How to Make Potato Chip Cookies

There’s real­ly no spe­cial mag­ic to mix­ing up this recipe. It’s cook­ie 101 when it comes to process. Start by cream­ing togeth­er but­ter and sug­ars. Def­i­nite­ly, this can be done by hand. Nowa­days, I stick the cook­ie pad­dles on my *Bosch stand-mix­er and make short work of most recipes, but I have made these by hand many, many times.

butter and sugars in mixing bowl

Once you’ve thor­ough­ly com­bined the but­ter, sug­ar and brown sug­ar into a thick paste, beat in the eggs. Beat until your dough begins to look lighter and fluffy.

adding eggs to cookie dough mixture

Then mix in the dry ingre­di­ents. In this case, that’s only flour, bak­ing soda and salt.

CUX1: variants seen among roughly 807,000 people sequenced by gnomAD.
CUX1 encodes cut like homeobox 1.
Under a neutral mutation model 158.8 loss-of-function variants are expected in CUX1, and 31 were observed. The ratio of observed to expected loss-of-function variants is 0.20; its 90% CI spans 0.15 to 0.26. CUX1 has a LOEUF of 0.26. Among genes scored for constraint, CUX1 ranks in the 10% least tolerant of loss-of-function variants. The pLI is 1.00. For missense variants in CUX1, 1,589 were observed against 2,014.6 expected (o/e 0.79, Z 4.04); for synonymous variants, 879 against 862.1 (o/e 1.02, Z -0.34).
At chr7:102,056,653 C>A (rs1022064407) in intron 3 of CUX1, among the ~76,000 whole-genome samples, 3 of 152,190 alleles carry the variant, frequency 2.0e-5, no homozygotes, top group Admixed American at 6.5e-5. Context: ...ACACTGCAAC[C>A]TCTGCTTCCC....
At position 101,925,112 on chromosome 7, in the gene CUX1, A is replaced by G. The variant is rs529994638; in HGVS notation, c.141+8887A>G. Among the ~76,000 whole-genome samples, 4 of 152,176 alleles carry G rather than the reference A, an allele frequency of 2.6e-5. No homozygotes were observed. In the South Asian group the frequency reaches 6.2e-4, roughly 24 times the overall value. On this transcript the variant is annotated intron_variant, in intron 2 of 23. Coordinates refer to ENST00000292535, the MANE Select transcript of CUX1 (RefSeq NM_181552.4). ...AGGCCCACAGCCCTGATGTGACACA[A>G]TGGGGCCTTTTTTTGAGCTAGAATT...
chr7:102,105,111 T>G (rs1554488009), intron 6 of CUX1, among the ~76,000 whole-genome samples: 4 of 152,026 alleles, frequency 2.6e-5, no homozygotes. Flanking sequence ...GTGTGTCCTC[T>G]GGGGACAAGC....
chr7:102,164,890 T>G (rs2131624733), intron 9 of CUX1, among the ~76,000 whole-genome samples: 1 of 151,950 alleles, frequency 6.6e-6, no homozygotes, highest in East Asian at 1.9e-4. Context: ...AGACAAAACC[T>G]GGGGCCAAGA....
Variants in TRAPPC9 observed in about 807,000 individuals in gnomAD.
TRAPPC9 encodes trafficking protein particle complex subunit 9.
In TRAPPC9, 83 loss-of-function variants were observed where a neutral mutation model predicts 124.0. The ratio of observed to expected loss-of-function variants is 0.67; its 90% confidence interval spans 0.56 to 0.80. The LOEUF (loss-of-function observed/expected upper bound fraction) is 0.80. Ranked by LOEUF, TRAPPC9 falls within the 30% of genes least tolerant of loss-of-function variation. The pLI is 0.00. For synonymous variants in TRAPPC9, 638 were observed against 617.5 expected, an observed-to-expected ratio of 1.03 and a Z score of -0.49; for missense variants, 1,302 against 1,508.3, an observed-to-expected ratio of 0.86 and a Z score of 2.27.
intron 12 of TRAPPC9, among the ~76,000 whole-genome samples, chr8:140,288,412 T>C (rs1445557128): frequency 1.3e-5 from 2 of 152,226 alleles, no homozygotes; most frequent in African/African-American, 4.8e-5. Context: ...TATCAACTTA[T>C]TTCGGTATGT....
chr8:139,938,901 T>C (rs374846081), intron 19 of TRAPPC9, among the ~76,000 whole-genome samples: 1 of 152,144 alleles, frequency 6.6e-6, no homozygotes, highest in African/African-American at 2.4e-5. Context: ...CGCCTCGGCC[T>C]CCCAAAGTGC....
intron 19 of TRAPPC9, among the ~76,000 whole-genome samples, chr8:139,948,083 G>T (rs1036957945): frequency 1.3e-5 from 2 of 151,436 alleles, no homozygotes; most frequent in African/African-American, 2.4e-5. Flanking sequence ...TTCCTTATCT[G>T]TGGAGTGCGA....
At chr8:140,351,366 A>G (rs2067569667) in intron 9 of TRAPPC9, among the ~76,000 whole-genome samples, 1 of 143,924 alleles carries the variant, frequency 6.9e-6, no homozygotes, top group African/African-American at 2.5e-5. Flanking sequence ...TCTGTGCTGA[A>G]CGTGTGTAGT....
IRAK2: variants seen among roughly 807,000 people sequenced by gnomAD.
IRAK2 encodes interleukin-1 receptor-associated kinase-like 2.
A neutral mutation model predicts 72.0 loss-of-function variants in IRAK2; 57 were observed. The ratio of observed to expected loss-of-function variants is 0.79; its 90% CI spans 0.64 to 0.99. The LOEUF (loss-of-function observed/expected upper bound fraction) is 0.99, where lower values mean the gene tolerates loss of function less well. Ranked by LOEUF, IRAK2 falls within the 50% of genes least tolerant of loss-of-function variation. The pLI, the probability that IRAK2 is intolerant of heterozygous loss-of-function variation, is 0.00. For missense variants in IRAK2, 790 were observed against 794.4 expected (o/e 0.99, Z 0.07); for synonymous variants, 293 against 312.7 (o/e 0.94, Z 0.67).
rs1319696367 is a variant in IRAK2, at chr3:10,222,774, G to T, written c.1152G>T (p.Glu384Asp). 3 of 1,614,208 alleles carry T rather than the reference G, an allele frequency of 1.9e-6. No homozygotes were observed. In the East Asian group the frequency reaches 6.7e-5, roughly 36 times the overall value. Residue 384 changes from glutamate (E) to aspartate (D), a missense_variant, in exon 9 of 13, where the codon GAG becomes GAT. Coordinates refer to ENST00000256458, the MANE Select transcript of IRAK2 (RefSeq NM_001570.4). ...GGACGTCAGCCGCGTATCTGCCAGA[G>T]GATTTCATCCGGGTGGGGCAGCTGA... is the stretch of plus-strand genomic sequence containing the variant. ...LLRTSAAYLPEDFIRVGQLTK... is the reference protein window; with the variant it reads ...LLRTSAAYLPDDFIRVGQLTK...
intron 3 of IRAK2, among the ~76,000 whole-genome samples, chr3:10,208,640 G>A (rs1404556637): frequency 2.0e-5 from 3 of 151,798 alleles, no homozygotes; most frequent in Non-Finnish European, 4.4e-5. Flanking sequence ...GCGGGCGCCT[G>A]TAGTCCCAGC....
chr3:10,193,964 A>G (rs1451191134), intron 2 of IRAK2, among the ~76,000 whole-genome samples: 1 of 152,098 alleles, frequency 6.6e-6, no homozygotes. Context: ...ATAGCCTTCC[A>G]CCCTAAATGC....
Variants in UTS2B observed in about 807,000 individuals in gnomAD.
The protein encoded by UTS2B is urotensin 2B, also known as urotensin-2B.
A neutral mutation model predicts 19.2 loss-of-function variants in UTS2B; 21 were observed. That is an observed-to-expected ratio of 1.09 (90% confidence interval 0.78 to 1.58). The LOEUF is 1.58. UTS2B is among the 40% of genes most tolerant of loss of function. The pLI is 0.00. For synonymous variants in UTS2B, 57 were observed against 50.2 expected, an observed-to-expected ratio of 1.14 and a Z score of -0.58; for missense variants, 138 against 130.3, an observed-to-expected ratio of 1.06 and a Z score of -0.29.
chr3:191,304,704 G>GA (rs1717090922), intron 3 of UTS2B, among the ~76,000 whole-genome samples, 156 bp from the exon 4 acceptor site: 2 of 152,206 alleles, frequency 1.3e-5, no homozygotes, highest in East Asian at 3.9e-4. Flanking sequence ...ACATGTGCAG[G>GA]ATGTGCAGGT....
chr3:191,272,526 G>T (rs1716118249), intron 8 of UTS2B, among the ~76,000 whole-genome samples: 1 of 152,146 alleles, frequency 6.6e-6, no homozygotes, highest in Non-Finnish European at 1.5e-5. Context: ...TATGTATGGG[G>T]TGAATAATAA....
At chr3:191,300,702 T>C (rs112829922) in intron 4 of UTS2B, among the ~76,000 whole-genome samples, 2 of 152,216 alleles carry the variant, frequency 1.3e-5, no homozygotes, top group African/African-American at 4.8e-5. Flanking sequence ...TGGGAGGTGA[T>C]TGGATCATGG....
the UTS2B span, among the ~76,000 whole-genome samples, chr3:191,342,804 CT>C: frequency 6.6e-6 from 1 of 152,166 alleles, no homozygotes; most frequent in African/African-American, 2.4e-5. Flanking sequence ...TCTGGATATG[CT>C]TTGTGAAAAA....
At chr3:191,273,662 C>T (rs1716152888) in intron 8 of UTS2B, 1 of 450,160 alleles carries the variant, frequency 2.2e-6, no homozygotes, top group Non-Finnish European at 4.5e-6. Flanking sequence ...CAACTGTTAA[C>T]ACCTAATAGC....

adding dry ingredients to mixing bowl

When the dry ingre­di­ents are ful­ly incor­po­rat­ed, the base cook­ie dough is com­plete. It will be soft and may even seem too soft. Resist the urge to add more flour. Once you add the add-ins and then cov­er and chill the fin­ished dough, the tex­ture will be per­fect. I promise!

adding chips to potato chip cookie dough

Mix in the chips (both sweet and salty). Don’t over-mix. Stir just enough to dis­trib­ute them even­ly through the dough. Over-mix­ing will crum­ble the pota­to chips so much, they will disappear.

Potato chip Cookie Dough

The dough will be soft and a lit­tle shag­gy. That’s per­fect! Put it into a con­tain­er with a lid and chill in the fridge for at least one hour. Then roll them into 2″ balls and bake on a greased, or parch­ment-lined *cook­ie sheet for 10–11 minutes. 


Potato Chip Cookies
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potato chip cookies

Potato Chip Cookies

  • Author: Glen­da Embree
  • Total Time: 20 min­utes
  • Yield: 3 1/2 to 4 dozen cook­ies 1x



  • 1 cup soft­ened butter
  • 1 cup brown sugar